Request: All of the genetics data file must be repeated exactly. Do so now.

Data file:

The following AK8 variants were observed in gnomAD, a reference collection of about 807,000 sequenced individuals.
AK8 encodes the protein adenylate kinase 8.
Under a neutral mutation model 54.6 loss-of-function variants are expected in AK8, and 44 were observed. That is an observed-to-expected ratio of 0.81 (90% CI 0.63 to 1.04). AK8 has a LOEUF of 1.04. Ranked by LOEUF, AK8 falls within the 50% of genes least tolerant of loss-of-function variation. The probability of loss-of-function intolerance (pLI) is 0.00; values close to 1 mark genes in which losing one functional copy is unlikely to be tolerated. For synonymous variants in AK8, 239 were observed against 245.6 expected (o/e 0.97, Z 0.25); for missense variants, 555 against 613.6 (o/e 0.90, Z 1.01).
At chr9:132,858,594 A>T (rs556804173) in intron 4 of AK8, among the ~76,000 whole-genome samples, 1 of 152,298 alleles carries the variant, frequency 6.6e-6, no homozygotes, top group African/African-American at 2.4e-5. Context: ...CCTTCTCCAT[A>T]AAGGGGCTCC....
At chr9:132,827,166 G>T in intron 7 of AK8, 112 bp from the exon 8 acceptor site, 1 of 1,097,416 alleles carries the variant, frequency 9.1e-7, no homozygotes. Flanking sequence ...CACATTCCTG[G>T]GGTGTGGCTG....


The following AK8 variants were observed in gnomAD, a reference collection of about 807,000 sequenced individuals.
AK8 encodes the protein adenylate kinase 8.
Under a neutral mutation model 54.6 loss-of-function variants are expected in AK8, and 44 were observed. That is an observed-to-expected ratio of 0.81 (90% CI 0.63 to 1.04). AK8 has a LOEUF of 1.04. Ranked by LOEUF, AK8 falls within the 50% of genes least tolerant of loss-of-function variation. The probability of loss-of-function intolerance (pLI) is 0.00; values close to 1 mark genes in which losing one functional copy is unlikely to be tolerated. For synonymous variants in AK8, 239 were observed against 245.6 expected (o/e 0.97, Z 0.25); for missense variants, 555 against 613.6 (o/e 0.90, Z 1.01).
At chr9:132,858,594 A>T (rs556804173) in intron 4 of AK8, among the ~76,000 whole-genome samples, 1 of 152,298 alleles carries the variant, frequency 6.6e-6, no homozygotes, top group African/African-American at 2.4e-5. Context: ...CCTTCTCCAT[A>T]AAGGGGCTCC....
At chr9:132,827,166 G>T in intron 7 of AK8, 112 bp from the exon 8 acceptor site, 1 of 1,097,416 alleles carries the variant, frequency 9.1e-7, no homozygotes. Flanking sequence ...CACATTCCTG[G>T]GGTGTGGCTG....